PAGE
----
Tucker and Moore appealed to the Supreme Court on each finding, but due to procedural limitations, only the third issue regarding the "good condition" clause was reviewed by the Court. In support of their argument, Tucker and Moore asserted that the Bank breached the "good condition" requirement of the leases because the interlinking configuration of the buildings and equipment made it extremely difficult for a single owner to exercise the normal incidents of ownership on or over its respective property.
The Court, however, rejected this argument and stated that all alterations and improvements to the properties were made pursuant to the language of the "alterations" clauses in each individual lease and were done with the knowledge and implicit consent of Tucker and Moor. In such instances, the Court cited the rule that under a "good condition" clause, a lessee is not required to remove improvements made with the consent of the lessor or under the authority of the contract. The tenant's only responsibility is to make ordinary repairs to the facilities as they exist in order to return the premises in "good condition." A number of precedent cases involved tenant's installation of bank vaults that the landlord didn't want. Here, the court held that the Bank was under no obligation to return separate buildings to Tucker and Moore or to remove the overpass, and the Bank did not violate the "good condition" clause of the leases.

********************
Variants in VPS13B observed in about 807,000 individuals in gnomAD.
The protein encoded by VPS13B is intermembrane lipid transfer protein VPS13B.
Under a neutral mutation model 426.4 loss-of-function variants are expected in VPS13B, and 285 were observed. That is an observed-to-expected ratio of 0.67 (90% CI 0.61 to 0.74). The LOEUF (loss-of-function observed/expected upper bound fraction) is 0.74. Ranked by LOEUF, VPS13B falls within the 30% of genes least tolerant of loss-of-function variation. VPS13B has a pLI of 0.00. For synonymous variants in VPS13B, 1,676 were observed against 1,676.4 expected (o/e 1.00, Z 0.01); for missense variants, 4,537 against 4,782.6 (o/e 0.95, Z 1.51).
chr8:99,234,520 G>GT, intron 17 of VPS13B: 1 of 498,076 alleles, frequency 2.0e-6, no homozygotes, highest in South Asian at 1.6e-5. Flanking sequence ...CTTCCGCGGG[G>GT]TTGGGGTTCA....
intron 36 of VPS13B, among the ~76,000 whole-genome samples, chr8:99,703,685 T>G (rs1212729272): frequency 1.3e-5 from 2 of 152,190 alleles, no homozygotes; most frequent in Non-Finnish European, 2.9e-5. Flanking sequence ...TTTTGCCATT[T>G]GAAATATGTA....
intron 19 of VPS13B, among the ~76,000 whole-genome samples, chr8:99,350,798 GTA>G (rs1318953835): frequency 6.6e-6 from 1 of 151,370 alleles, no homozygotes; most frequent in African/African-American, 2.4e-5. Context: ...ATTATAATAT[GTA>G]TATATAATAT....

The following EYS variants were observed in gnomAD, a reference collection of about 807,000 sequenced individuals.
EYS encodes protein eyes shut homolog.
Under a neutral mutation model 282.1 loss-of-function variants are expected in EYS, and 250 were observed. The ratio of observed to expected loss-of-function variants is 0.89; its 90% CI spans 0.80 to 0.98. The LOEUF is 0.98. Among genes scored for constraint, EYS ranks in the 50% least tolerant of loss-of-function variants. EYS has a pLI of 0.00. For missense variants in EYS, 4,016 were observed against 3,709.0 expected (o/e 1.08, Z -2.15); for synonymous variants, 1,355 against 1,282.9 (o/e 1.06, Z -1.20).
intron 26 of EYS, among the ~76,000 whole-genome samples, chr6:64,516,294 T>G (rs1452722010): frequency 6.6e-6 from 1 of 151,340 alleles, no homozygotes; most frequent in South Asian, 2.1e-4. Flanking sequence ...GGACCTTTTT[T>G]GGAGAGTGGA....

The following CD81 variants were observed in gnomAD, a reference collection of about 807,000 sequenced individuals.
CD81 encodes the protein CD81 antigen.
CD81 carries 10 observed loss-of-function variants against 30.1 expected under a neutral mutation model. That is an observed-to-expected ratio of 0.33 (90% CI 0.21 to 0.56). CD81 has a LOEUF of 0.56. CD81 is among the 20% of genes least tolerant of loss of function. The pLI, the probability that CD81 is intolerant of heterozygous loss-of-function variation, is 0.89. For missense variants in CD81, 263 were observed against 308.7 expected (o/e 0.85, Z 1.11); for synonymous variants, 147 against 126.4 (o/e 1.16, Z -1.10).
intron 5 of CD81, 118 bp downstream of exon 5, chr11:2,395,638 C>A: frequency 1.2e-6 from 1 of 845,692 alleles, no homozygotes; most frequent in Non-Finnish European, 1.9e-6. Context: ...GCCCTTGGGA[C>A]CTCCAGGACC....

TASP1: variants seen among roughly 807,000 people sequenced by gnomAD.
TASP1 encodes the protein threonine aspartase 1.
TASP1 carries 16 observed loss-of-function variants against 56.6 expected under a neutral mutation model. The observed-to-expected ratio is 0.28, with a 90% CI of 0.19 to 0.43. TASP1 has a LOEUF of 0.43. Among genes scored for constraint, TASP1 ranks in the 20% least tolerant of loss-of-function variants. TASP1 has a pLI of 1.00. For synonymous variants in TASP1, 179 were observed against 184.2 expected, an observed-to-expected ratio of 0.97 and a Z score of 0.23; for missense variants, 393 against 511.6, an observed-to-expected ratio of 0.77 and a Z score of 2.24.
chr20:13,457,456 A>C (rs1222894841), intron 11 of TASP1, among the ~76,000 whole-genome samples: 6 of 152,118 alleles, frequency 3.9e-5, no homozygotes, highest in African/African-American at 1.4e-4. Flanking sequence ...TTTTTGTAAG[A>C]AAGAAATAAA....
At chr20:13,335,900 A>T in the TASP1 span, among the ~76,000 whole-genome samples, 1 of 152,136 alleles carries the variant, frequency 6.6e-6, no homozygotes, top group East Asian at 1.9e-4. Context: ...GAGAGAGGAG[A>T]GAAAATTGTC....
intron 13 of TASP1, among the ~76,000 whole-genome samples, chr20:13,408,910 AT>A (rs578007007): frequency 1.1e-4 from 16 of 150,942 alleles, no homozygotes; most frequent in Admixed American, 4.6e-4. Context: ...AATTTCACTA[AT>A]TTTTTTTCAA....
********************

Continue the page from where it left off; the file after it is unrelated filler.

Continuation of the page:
Again using a procedural two step, the court dodged the issue of whether an implied easement existed.
Comment 1: The editor is surprised that the court permitted the ruling on implied easements to stand. It is one thing to say that a landlord is required to accept the physical improvements made to the property upon lease end. It is quite another to conclude that, where the lease is silent, the tenant has the implicit ability to bind the landlord to an easement encumbering the landlord's fee title. The court seemed determined to facilitate the result in favor of Bank here, but enough is enough.
But we don't have the record, and don't know the exact extent of the easement. If it simply amounted to easements to facilitate common heating and cooling systems, entranceways and other common areas, it makes sense that if the court is going to permit the building to pass, then those aspects of use of the building that demand common use must also remain. One assumes that they would end when the building was demolished.